TO READ THIS ARTICLE IN ITS ENTIRETY AS PUBLISHED IN THE MD MAGAZINE — PLEASE CLICK ON THE FOLLOWING LINK TO BE REDIRECTED:
In September, researchers, health care workers, and industry and patient advocates convened for the 4th Annual International Raising C. diff Awareness Conference and Health Expo in Atlanta.
Clifford McDonald, MD, Associate Director for Science in the Division of Healthcare Quality Promotion at the Centers for Disease Control and Prevention (CDC), chaired the conference. In his role at the CDC, McDonald’s at the forefront of efforts to prevent and treat the infection – one the CDC has declared among the most urgent drug-resistant threats that we currently face.
“It’s my firm belief that we are on the threshold of a new era in better diagnosis, treatment, and prevention approaches. At the CDC, we deal with statistics, but there are faces behind those numbers. At the heart of every infection is a patient who deserves our competence, our empathy, and our passion,” said McDonald.
One of those faces, Roy Poole, is a volunteer patient advocate for the C Diff Foundation. After retiring from a career in the Air Force, Poole led a healthy, active lifestyle as an avid outdoors-man in Colorado before antibiotics prescribed for a routine dental procedure set the stage for CDI. In the medical community, his symptoms were met with disbelief and inappropriate treatment.
“Three weeks after leaving the hospital, I walked into my (previous) primary care physician, and asked for an order to have a stool sample taken to determine if Toxins A or B were present. His response was, ‘Are you still having problems with that?’ Clearly, there is a need for more education about C. diff among physicians,” said Poole.
CDI is a formidable opponent. However, with the newly focused attention on discovering ways to disable the bacteria and cohesive public health approaches aimed at prevention, presenters from government, academia and industry offered five key reasons we can win the battle against C. diff:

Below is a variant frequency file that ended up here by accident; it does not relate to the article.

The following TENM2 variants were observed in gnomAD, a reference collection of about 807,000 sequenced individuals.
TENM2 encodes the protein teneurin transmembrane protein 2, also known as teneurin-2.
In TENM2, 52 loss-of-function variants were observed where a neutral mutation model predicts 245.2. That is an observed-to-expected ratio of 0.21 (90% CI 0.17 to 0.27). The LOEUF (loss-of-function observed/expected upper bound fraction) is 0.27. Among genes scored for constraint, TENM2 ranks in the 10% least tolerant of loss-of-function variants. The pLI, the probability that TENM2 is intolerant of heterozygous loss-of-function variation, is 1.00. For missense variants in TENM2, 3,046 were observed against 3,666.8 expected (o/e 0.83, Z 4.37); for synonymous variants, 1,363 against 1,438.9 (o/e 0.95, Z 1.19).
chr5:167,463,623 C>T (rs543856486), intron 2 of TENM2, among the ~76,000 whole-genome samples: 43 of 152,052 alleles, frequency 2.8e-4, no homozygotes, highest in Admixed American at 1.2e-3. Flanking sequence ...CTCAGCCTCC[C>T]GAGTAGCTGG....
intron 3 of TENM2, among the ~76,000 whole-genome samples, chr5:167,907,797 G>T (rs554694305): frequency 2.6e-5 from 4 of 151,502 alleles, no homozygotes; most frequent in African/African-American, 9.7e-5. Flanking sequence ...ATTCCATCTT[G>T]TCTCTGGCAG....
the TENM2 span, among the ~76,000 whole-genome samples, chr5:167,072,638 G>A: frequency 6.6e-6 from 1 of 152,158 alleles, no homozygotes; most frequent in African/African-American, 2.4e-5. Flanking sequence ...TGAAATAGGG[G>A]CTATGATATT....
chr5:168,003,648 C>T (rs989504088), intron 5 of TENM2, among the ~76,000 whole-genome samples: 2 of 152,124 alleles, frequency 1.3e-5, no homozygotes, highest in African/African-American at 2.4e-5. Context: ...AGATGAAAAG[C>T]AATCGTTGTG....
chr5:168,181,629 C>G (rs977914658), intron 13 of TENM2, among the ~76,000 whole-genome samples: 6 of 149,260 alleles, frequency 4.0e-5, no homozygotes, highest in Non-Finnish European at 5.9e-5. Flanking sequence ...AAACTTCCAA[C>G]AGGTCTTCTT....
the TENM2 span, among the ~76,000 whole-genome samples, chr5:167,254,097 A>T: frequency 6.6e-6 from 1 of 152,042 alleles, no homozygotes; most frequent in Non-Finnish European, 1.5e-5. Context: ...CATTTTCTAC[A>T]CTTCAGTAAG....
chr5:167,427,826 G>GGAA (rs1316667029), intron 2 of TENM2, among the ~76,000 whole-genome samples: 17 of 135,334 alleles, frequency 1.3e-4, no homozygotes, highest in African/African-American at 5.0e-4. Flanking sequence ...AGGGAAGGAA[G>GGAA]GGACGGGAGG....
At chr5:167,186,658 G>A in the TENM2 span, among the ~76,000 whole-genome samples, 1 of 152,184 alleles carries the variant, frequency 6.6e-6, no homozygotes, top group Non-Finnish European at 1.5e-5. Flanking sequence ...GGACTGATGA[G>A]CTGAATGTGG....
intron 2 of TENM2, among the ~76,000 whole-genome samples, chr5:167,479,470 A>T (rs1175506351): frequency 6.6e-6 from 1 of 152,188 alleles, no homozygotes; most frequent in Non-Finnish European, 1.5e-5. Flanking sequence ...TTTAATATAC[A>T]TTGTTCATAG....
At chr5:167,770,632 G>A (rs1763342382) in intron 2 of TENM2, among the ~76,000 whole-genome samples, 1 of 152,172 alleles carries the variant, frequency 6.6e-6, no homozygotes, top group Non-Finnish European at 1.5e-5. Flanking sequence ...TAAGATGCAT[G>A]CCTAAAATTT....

Antibiotic stewardship efforts are gaining a foothold.
Statistics present a chilling picture: 453,000 new cases and an estimated 30,000 deaths each year. It’s likely that those numbers grossly underestimate the true impact of CDI, since it’s what we know from death certificate reporting.
However, we are seeing that rates may have peaked after a long plateau. Mark Wilcox, MD, Head of Microbiology at Leeds Teaching Hospital, Professor of Medical Microbiology at University of Leeds, and the lead on Clostridium difficile for Public Health England in the United Kingdom, has demonstrated a 70% reduction in cases in England in just 7 years. This was after a concerted effort that Wilcox spearheaded surrounding antibiotic stewardship, specifically addressing a reduction in unnecessary prescribing of fluoroquinolones and cephalosporin antibiotics.
Commonly prescribed antibiotics disrupt the protective microbiota (the normal bacteria of the gut) and leave it vulnerable for C. diff colonization. “There was a concerted effort that went beyond lip service and truly embraced the principles of improved surveillance, more accurate diagnostics, enhanced infection prevention measures to use antibiotics more wisely and to limit transmission and careful treatment,” said Wilcox.
High rates of CDI are always associated with the use of certain antibiotics: clindamycin, cephalosporin, and fluoroquinolones. Research has shown that lower respiratory tract infections and urinary tract infections account for more than 50% of all in-patient antibiotics use. But are these really necessary?
“We know that antibiotics are overused and misused across every healthcare setting. At least 30% of antibiotic prescriptions are unnecessary – and this equates to 47 million unnecessary antibiotic prescriptions per year written in doctors’ offices, hospital outpatient departments, and emergency departments. We have a lot of work to do, and CDC is actively working to reduce unnecessary antibiotic use,” said Arjun Srinivasan, MD at the CDC. “Stopping unnecessary antibiotics is the single most effective thing we can do to curb C. diff infections in the United States. This is something that we can do today.”
Srinivasan acknowledged that telling patients that they can’t have a prescription for an antibiotic might result in some pushback. “Patient satisfaction scores are a very real concern. When someone is sick and takes a day off work, they’re not leaving without a prescription – especially when the last provider wrote one for their same symptoms,” he said. “But this is a new day, and it’s up to the physician to educate their patients and stay strong.”